Buying a home is not always easy. Even with impeccable credit, a stable job history and a sufficient down payment, the process can be confusing, require some time for research, and cause some associated stress. And having experienced bankruptcy in the past may add further complications to the process - however, even with a bankruptcy, there are still options to buy a home.
With some advance planning, and the goal of working towards buying a home of your own, the wait to trade rent for mortgage payments may not take quite as long as one may not expect. A business or personal bankruptcy may not mean the end of the search for your dream home.
To see how your specific financial situation applies to purchasing a home, speak with a lender or trusted financial advisor.
Bankruptcy laws in this country are designed to help individuals find their way out of financial difficulty. The effect of a bankruptcy on personal credit is a strong hit, to be sure, but it does not have to be a crippling blow forever. In many cases, within about two years of final discharge of a Chapter 7 or Chapter 13 bankruptcy, a person may become eligible to apply for a home mortgage loan. This is true even though the bankruptcy remains on a personal credit report for up to 10 years.
In the eyes of mortgage lenders, the key is to demonstrate "an ability to manage" financial affairs in a responsible manner. Because there are many reasons that lead to a decision to file for debt relief under the bankruptcy laws, there are no hard and fast rules governing a return to financial stability.
In many states, a pre-filing requirement is to enroll in a financial management course. Even if it is not mandated, such a class may be valuable because it provides valuable tools for rebuilding your post-bankruptcy life.
How you choose to reestablish credit following bankruptcy will, in part, determine your ability to qualify for a home loan. You will usually be expected to show that you have available cash reserves for the down payment, a steady income, a regular savings plan in place, a reasonable and workable budget, and an acceptable credit score.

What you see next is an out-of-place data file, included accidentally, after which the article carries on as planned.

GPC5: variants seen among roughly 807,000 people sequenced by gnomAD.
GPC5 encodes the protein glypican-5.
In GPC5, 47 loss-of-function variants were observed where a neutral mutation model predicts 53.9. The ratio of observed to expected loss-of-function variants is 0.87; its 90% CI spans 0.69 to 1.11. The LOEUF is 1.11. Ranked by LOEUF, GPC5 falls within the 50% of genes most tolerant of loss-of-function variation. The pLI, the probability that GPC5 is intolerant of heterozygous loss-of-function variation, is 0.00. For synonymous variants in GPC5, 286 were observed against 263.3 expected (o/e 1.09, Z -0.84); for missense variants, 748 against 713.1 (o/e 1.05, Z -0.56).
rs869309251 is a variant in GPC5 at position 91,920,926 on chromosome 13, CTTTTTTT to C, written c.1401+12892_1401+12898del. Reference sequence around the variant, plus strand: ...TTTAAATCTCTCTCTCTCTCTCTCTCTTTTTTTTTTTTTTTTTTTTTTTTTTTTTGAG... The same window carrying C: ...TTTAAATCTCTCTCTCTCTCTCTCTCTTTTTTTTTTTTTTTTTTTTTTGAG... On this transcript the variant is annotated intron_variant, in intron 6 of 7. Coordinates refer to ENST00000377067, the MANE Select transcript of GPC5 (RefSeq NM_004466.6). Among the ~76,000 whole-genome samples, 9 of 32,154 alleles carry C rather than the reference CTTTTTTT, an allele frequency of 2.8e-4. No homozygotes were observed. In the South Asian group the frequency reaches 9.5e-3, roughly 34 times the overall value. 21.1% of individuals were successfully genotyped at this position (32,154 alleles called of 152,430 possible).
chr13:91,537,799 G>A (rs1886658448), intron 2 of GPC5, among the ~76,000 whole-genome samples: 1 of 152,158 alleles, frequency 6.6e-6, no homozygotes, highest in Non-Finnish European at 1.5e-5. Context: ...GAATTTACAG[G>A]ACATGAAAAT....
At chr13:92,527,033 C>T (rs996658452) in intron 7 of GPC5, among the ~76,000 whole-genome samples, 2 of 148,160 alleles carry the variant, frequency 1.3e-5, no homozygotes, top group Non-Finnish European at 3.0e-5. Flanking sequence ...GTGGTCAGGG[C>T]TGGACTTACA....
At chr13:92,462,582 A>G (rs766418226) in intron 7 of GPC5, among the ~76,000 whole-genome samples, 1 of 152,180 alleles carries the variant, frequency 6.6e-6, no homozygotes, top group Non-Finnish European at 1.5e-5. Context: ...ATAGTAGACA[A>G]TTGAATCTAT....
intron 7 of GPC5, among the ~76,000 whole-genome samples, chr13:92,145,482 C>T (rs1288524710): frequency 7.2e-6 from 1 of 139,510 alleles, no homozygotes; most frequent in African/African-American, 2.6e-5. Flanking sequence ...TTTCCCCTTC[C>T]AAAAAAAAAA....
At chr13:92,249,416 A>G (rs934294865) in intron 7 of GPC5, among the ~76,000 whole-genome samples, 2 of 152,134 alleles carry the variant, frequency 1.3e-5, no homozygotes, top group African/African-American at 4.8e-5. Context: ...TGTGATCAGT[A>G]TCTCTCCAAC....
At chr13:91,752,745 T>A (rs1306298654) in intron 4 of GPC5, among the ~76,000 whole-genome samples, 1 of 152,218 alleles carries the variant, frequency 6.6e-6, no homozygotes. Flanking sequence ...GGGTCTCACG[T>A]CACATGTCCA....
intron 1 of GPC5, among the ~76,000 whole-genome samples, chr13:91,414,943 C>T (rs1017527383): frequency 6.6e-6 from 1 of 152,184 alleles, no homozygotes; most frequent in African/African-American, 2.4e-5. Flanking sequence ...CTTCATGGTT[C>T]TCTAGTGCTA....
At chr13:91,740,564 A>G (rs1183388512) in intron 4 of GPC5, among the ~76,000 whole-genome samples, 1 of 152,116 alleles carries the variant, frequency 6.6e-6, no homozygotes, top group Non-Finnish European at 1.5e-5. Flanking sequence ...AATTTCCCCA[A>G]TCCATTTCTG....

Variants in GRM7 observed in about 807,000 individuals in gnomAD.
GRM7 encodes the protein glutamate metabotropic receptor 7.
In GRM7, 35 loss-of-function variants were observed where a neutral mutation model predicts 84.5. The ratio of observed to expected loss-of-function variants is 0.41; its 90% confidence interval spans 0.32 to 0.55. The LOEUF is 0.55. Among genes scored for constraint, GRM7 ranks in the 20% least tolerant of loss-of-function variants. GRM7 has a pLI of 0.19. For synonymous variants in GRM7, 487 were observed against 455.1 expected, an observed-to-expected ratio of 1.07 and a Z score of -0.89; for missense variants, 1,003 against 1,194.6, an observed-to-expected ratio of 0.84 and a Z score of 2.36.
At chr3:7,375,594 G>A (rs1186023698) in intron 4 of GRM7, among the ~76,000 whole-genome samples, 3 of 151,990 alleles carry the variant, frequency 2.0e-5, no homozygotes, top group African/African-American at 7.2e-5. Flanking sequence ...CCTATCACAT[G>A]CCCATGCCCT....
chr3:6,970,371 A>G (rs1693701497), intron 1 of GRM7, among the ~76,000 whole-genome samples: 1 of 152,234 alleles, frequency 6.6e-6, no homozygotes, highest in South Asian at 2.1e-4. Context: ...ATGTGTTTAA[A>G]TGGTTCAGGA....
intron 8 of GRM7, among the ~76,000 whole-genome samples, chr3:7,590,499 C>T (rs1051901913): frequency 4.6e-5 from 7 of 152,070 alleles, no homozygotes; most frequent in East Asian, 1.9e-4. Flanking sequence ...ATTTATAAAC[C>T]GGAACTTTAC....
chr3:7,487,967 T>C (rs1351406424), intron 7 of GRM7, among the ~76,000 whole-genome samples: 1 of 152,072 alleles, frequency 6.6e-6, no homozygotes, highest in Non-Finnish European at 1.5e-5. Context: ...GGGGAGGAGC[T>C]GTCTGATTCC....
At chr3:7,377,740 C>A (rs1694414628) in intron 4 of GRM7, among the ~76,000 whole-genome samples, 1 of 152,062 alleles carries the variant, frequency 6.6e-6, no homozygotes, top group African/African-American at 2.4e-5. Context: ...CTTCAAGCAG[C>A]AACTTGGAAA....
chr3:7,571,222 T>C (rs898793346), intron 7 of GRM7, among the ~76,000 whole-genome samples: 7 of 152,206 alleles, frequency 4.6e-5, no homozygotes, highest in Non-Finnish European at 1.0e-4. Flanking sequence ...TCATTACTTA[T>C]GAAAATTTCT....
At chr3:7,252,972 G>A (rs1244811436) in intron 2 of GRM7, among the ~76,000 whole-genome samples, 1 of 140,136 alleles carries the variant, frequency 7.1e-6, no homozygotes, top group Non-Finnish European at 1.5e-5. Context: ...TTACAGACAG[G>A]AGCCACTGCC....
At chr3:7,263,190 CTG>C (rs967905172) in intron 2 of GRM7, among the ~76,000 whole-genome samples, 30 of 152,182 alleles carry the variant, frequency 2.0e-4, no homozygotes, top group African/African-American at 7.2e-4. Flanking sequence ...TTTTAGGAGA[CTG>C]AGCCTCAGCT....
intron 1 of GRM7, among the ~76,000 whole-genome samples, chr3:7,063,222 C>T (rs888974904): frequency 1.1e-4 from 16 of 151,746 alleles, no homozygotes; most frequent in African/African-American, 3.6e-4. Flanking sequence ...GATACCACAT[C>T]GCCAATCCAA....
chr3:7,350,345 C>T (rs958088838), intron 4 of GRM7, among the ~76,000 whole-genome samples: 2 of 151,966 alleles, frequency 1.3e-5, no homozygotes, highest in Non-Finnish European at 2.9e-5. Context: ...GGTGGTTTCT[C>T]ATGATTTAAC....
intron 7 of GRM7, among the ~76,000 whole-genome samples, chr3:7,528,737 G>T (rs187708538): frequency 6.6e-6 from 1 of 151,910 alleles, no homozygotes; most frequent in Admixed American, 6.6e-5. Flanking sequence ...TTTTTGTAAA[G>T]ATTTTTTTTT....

If you begin immediately to take the steps toward a secure and well-managed financial future, there are a variety of loan programs that may consider your mortgage application (sometimes after only one year) and, because your former debts no longer exist, your application will be seriously considered if you demonstrate command and control over your finances.
Depending on the circumstances of your bankruptcy -- divorce, failed business venture, medical bills, investment losses -- a lender may look at your total financial history. You should be prepared to answer questions honestly and completely, detail the changes you have made in your personal and financial life, and demonstrate responsible financial understanding. You must also show that you have a plan in place for paying the mortgage.
Various lenders have varying requirements, but VA and FHA loans are open to post-bankruptcy mortgage loan applications, as are many conventional loan programs. Check with qualified lenders and mortgage brokers. Do your homework to realistically determine how much house you can afford, and then plan out how you will build up your savings to set yourself on the path to your dream of home ownership.
Bankruptcy may be a detour, but it doesn't always mean you can't get where you want to go. A personal or business bankruptcy brings its own stresses, but if you put it behind you and plan accordingly, you can almost always look forward to the home you want in your future.